Plenty of video games have given us the chance to don the Dark Knight’s cowl before, most recently the excellent Arkham series. But with Batman: The Telltale series, we finally get to spend some time with the man behind the mask, Bruce Wayne.
Telltale’s story brings us in early in Bruce’s career as the Dark Knight; it is implied that he is the first costumed vigilante or villain that Gotham has seen. Thankfully, little time is spent on backstory, the game launches right into the action as Batman foils a heist and the game introduces a very familiar character. Interspersed with the fight, the game flashes to scenes of Alfred chiding a battle-bruised Wayne on the rashness of his actions as he dresses for a gala downstairs.
Moving gingerly thanks to his injuries, Bruce enters the grand foyer of his mansion, where richly dressed party goers are listening to a speech by mayoral candidate and Bruce’s friend, Harvey Dent.
From this point on, Telltale creates an experience that stands out from every other previous Batman game. As Wayne, the player must mingle with party guests, choosing whether to answer as a rude playboy, an engaged and invested Gotham citizen, or a strong friend of Harvey Dent. The game gives you several ways to play as Wayne, and in the highly charged political and scandalous situations to follow, there are often no easy choices.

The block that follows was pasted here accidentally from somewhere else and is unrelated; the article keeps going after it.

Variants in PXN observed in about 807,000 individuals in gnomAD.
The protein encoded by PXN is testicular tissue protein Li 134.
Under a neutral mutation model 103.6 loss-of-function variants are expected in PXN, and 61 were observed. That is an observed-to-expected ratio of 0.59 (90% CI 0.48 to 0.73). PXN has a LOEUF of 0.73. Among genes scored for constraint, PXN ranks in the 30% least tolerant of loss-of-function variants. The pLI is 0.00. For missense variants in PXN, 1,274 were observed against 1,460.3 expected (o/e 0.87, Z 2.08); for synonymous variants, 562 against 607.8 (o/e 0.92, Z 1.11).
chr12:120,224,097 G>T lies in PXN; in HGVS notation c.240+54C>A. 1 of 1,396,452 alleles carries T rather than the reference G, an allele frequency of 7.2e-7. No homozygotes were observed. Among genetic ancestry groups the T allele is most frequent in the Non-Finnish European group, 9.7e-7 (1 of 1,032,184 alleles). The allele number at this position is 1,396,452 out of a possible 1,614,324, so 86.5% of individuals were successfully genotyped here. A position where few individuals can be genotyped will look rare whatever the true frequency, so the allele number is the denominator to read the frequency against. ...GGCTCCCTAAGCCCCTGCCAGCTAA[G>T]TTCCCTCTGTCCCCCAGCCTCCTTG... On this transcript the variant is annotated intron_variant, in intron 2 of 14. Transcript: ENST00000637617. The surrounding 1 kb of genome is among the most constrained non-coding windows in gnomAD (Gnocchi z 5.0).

As with all Telltale games, your actions and words will have consequences, and even very early in the game, one encounter in particular seems to have great weight. Characters will remember how you treated and talked to them, and the choices in future episodes may be limited by the player choices in the first episode.
Although narrative and conversation are emphasized, there are action sequences in this episode as well. This is a Batman game, after all. Combat is simple timed button presses or directional sweeps, but the actions mimic the direction of punches, kicks, or dives happening on the screen, so the player does feel like part of the action.
The Telltale Batman experience is very cinematic. The player is a critical part of the action, especially where choices shift the conversation. Playing through this episode feels like watching a good episode of television. The art direction abandons photo realism, but instead goes for a soft cel-shaded comic book look. Characters are animated well, the subtle nuances of facial expressions come through very well as they react to your choices. Voice acting is suberb, and along with the facial animation and writing shows each character’s motivations and reactions with a minimum of exposition.
Realm of Shadows is an exciting first episode for this series. It is the first game that allows the player to direct Bruce Wayne as an upright citizen living in a corrupt Gotham city. Not every conflict can be solved with a batarang, and Telltale finally lets us see Bruce Wayne’s struggle with not only his own demons but the external forces that want to tear him and the city he loves down.
Batman- The Telltale Series is currently available on Xbox One, PlayStation 4, and PC. A review copy was provided on Steam.
You can watch an entire playthrough of episode 1 below, and hear more of my thoughts on this and other games on the Plug and Play podcast.